How I Write, or, Pulling a Blog Post Out of My…

beginnings

I’ve always been a behind-the-scenes kind of girl. The whole peeking around the curtain thing is exciting (please don’t read into that line, this is a family blog). I’m talking about the process, people. The artistic process.

Writing can be such a solitary practice. By nature it has to be, unless you’re one of those collaborators (lucky you). But for most of us hunched-over-screens-all-across-the-globe kind, it’s solo stuff. Which makes it doubly more fantastic to read behind-the-scenes about writers.

That’s probably why I’m totally enamored by this Writing Process series that I discovered over at one of my favorite blogs, via one of those “blog hops.” (WARNING: rambling sidebar happening now – I’m sorry, but I have a hard time getting behind the “hop” name, since for me it conjures up such a bizarre juxtaposition of frogs, bunnies, and 50s dances. But moving along…)

Inspired by this, “hop” I decided to write a bit about my own practice. Specifically, my blogging practice, because my fiction one varies, as you might expect. I’m more flexible and fancy free with blogging, which may or may not be a good thing.

So, here’s the thing about me:

I’ve never been much of a planner. In writing or life in general. I’m more of an instinct girl. Inspiration turns me on (again, not in that way, come on!). I feel a stirring, sense a seed (WHOA, no terrible puns unintended, I swear) and I go with it. Sometimes I fall on my face, other times I soar.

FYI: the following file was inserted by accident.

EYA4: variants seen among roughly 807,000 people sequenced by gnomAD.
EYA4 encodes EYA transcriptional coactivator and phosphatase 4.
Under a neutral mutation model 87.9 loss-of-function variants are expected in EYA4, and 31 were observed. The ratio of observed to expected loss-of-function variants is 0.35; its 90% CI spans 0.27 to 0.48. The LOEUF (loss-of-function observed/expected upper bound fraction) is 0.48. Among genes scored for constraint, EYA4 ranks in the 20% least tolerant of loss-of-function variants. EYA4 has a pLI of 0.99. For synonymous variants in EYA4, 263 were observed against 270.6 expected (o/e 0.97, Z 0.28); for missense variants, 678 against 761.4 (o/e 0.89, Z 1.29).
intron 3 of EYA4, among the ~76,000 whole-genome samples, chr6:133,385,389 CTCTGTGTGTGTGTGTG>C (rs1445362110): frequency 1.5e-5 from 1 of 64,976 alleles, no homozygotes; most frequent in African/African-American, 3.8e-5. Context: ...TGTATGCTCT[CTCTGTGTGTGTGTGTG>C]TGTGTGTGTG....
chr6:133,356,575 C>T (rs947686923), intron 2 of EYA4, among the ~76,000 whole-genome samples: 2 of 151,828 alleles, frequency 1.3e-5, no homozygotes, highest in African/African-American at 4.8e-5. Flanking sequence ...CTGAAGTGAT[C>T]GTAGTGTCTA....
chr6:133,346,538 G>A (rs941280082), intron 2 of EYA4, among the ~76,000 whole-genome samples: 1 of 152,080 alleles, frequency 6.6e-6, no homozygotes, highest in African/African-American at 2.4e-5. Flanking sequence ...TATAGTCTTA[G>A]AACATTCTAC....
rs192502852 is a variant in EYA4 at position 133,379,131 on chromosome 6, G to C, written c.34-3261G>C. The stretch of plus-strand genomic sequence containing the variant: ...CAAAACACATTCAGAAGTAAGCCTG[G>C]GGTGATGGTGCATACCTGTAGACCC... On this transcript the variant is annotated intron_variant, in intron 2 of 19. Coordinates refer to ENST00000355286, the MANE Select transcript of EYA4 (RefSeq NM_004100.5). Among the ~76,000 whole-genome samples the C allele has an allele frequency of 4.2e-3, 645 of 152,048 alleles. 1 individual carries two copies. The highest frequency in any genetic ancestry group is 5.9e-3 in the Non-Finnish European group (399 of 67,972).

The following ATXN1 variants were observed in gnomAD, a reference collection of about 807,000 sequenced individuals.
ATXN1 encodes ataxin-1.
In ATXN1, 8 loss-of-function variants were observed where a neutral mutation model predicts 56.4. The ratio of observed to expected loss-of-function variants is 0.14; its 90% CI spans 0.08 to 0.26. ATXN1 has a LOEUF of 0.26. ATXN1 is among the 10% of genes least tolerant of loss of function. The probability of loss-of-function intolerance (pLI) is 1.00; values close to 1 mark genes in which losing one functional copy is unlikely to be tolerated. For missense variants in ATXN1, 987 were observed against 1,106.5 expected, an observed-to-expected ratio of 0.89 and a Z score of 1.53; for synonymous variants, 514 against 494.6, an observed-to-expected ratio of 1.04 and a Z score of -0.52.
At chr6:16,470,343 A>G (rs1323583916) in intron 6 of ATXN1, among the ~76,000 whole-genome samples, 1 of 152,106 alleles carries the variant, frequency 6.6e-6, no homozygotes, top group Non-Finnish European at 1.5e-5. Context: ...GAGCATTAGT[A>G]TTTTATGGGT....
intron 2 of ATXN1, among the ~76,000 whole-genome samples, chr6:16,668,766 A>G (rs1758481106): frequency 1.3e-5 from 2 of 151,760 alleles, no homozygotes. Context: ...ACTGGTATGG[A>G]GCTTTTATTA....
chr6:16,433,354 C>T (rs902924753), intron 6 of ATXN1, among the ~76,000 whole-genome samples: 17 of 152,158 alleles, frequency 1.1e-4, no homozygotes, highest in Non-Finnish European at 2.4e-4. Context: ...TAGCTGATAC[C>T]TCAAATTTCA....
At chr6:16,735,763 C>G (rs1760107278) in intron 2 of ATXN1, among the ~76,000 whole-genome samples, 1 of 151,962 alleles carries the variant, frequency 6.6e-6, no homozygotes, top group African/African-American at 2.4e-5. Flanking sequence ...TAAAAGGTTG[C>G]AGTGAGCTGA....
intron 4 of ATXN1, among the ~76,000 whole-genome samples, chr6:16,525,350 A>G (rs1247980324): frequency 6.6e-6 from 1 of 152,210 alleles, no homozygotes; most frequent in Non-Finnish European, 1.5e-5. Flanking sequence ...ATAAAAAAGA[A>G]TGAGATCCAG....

Like right now I’m thinking the above paragraph is a bit of a face plant, but I’m leaving it since time is of the essence. Which, ultimately, leads us to my biggest challenge in writing ANYTHING:

I have no time.

Seriously. Sometimes I don’t even let myself pee. Well, not until it’s a real emergency anyhow. I forget to eat, shower, and brush my teeth because I’m often too busy feeding, bathing, and brushing everyone else’s teeth (not my husband’s, just to clarify).

mom humor

Since I don’t have time to pee, I don’t have much time to do anything else.

So how do I write blog posts (let alone anything else)? Well. To clarify, when I say “no” time, I really mean extremely limited, and when it occurs, it can be interrupted at any moment. I write when Little Guy naps and Bunky’s at school. Both have to happen at the same time. I write when I have a babysitter, which is for about three hours one morning a week. I occasionally write at night after I wrestle LG into bed – but sometimes this doesn’t happen until 10pm. Not even kidding about that.

For example, right now it’s early evening and I’m writing this while Bunky takes a shower and Little Guy is dancing to the Frozen soundtrack. I’m standing in a corner of the kitchen (where I can see LG out of the corner of my eye since we live in an apartment) so he doesn’t see the computer because if he does, he’ll want to watch Frozen videos on it, or play Thomas the Train games (torture). Right now he’s asking me to help him because he’s spinning in circles and threatening to fall into the train table.

Thirty minutes later… okay, I’m back. It’s mere seconds until the bedtime bomb explodes so this will be brief. I quit earlier so I could dance with my two-year-old son to “Let it Go” while we both belted it out, in pale comparison to Idina Menzel’s version, but rather adorably if I say so myself.

Yet, you can see how the time thing is not on my side.

So, here’s what I do. Here’s the HOW.

I write in PIECES. A little here, a little there. It can take me weeks to write a post. Some days it’s all I can do to upload some photos.

What also helps is to THINK about my posts in advance. I do some of my best thinking in the shower (maybe because I’m alone?! Though not recently since LG has become a shower-addict). I think when I’m waiting for Bunky at school pick-up, when LG is falling asleep. Thinking helps. I can formulate my ideas, take notes on my phone, maybe even think out loud. Ever see a woman pushing a stroller talking out loud to HERSELF? Might be me. Some posts are written entirely in my head first.